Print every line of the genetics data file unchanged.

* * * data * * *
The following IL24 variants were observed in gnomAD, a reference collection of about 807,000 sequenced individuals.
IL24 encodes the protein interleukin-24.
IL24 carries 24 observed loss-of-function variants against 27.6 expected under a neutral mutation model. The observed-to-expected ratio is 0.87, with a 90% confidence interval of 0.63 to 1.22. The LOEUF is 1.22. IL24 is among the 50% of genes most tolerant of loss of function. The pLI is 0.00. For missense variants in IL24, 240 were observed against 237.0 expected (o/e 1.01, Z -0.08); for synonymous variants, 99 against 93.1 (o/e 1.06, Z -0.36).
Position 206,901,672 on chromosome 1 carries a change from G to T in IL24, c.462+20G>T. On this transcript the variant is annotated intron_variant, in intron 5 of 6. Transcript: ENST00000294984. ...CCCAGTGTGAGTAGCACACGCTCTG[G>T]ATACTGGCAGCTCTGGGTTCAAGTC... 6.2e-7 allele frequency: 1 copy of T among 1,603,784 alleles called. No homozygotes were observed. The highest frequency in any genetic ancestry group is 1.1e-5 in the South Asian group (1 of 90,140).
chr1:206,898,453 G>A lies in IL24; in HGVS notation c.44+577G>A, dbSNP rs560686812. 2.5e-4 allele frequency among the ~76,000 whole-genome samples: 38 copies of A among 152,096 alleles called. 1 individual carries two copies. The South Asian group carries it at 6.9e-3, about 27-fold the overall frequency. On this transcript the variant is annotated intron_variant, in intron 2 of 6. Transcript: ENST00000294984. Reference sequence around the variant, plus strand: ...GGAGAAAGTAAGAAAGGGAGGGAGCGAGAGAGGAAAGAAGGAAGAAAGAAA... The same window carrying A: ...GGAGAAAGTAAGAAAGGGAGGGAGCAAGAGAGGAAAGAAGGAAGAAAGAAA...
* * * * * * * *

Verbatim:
The following IL24 variants were observed in gnomAD, a reference collection of about 807,000 sequenced individuals.
IL24 encodes the protein interleukin-24.
IL24 carries 24 observed loss-of-function variants against 27.6 expected under a neutral mutation model. The observed-to-expected ratio is 0.87, with a 90% confidence interval of 0.63 to 1.22. The LOEUF is 1.22. IL24 is among the 50% of genes most tolerant of loss of function. The pLI is 0.00. For missense variants in IL24, 240 were observed against 237.0 expected (o/e 1.01, Z -0.08); for synonymous variants, 99 against 93.1 (o/e 1.06, Z -0.36).
Position 206,901,672 on chromosome 1 carries a change from G to T in IL24, c.462+20G>T. On this transcript the variant is annotated intron_variant, in intron 5 of 6. Transcript: ENST00000294984. ...CCCAGTGTGAGTAGCACACGCTCTG[G>T]ATACTGGCAGCTCTGGGTTCAAGTC... 6.2e-7 allele frequency: 1 copy of T among 1,603,784 alleles called. No homozygotes were observed. The highest frequency in any genetic ancestry group is 1.1e-5 in the South Asian group (1 of 90,140).
chr1:206,898,453 G>A lies in IL24; in HGVS notation c.44+577G>A, dbSNP rs560686812. 2.5e-4 allele frequency among the ~76,000 whole-genome samples: 38 copies of A among 152,096 alleles called. 1 individual carries two copies. The South Asian group carries it at 6.9e-3, about 27-fold the overall frequency. On this transcript the variant is annotated intron_variant, in intron 2 of 6. Transcript: ENST00000294984. Reference sequence around the variant, plus strand: ...GGAGAAAGTAAGAAAGGGAGGGAGCGAGAGAGGAAAGAAGGAAGAAAGAAA... The same window carrying A: ...GGAGAAAGTAAGAAAGGGAGGGAGCAAGAGAGGAAAGAAGGAAGAAAGAAA...